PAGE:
You can all but hear the filmmaker struggling to stuff a season's worth of subplots into his 112 minutes.

Don't get me wrong—that's a big, welcome laugh. But there's so much going on here, it seems strange to waste a couple of minutes in pursuit of it. You can all but hear the filmmaker struggling to stuff a season's worth of subplots into his 112 minutes: We don't just have all the guys in the band to deal with, but the rich family of girlfriend Grace (complete with a crazy hippie sister), and a full complement of woes with Douglas's family, from concerns over long hair and grades to a cancer scare. And then there's Doug and Grace's romance, which seems to be missing giant swathes of screen time—it's treated (as much of the film is) in little bits of what seem much longer scenes, along with an occasional bout of storytelling-by-montage, in which lyrics do the heavy lifting. And then there's the baffling voice-over narration by Douglas's little sister, which appears once at the beginning, once in the middle (to explain this thing that happened in 1967, a "Summer of Love"), and then at the end, to wrap things up. Why bother with such a worn-out device if you're going to use it so intermittently?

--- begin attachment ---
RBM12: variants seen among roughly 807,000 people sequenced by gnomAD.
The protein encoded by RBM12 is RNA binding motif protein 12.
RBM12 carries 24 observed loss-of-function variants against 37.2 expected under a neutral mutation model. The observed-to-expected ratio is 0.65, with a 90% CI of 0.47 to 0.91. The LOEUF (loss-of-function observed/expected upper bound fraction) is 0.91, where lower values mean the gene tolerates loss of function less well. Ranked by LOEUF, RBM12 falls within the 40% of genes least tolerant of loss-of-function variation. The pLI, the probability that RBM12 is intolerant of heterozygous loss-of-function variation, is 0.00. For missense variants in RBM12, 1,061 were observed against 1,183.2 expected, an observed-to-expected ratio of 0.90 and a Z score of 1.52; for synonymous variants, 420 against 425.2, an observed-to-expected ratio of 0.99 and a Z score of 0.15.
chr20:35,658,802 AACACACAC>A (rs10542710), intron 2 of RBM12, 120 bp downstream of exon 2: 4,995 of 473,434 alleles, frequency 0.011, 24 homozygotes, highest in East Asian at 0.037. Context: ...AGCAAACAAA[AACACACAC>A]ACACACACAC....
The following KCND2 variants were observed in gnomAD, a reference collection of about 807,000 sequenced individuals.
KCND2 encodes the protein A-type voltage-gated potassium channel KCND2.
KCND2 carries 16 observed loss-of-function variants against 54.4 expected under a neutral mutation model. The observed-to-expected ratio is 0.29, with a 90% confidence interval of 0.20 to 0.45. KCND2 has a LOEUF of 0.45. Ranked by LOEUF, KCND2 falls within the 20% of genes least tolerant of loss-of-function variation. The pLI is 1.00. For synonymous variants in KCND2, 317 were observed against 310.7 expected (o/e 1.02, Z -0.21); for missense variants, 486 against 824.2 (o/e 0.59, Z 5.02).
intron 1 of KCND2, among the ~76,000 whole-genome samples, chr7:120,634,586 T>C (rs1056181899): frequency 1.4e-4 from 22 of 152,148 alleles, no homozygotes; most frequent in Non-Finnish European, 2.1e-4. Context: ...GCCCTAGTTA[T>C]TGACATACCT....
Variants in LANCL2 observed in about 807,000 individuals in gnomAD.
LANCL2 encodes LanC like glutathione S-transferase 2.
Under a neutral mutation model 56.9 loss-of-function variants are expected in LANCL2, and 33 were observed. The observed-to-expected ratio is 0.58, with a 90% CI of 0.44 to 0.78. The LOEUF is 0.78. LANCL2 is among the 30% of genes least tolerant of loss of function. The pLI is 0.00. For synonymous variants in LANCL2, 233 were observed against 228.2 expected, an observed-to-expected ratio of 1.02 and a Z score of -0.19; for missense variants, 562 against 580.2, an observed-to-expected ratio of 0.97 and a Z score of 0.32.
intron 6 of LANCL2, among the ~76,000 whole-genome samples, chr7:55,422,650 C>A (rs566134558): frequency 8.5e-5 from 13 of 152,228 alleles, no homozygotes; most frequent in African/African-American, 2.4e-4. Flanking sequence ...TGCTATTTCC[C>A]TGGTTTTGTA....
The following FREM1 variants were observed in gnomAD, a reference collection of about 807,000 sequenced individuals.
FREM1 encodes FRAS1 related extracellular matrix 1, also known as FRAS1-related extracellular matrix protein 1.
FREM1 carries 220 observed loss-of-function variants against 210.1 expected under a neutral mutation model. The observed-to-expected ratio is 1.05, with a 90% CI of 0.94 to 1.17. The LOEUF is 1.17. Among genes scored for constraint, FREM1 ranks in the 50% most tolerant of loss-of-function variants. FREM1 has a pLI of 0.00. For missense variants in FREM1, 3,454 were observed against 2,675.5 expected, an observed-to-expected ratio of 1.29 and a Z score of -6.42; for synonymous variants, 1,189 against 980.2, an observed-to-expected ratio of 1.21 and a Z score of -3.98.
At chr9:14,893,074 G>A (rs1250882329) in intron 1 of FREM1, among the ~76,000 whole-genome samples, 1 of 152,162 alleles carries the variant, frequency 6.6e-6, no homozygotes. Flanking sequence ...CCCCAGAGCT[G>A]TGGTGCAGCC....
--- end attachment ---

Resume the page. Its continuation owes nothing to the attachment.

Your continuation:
All of this carping probably makes Not Fade Away sound far worse than it is. It's impressively mounted and detailed (I liked the placement of the Robert Johnson album as "serious music fan" totem). Chase's peerless ability to build up to sudden, hard narrative shocks is fully intact. The prominence of television—as an omnipresent soundtrack, background, and counterpoint—is a nice touch. (Also, for whatever it's worth, I could watch an entire film of James Gandolfini skeptically watching television.) The self-importance of young musicians is an easy target, but when they play their big song, the picture sells it as both a moving climax and a convincing snapshot of a band with real potential. And the closing images are sheer perfection. It is, in other words, a movie of moments. If Chase were working on a big enough canvas to dig all of those moments out of his too-vast narrative, he might've really had something here.

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Jason Bailey is the film editor at Flavorwire, and has also written for Slate, Salon, and the Village Voice.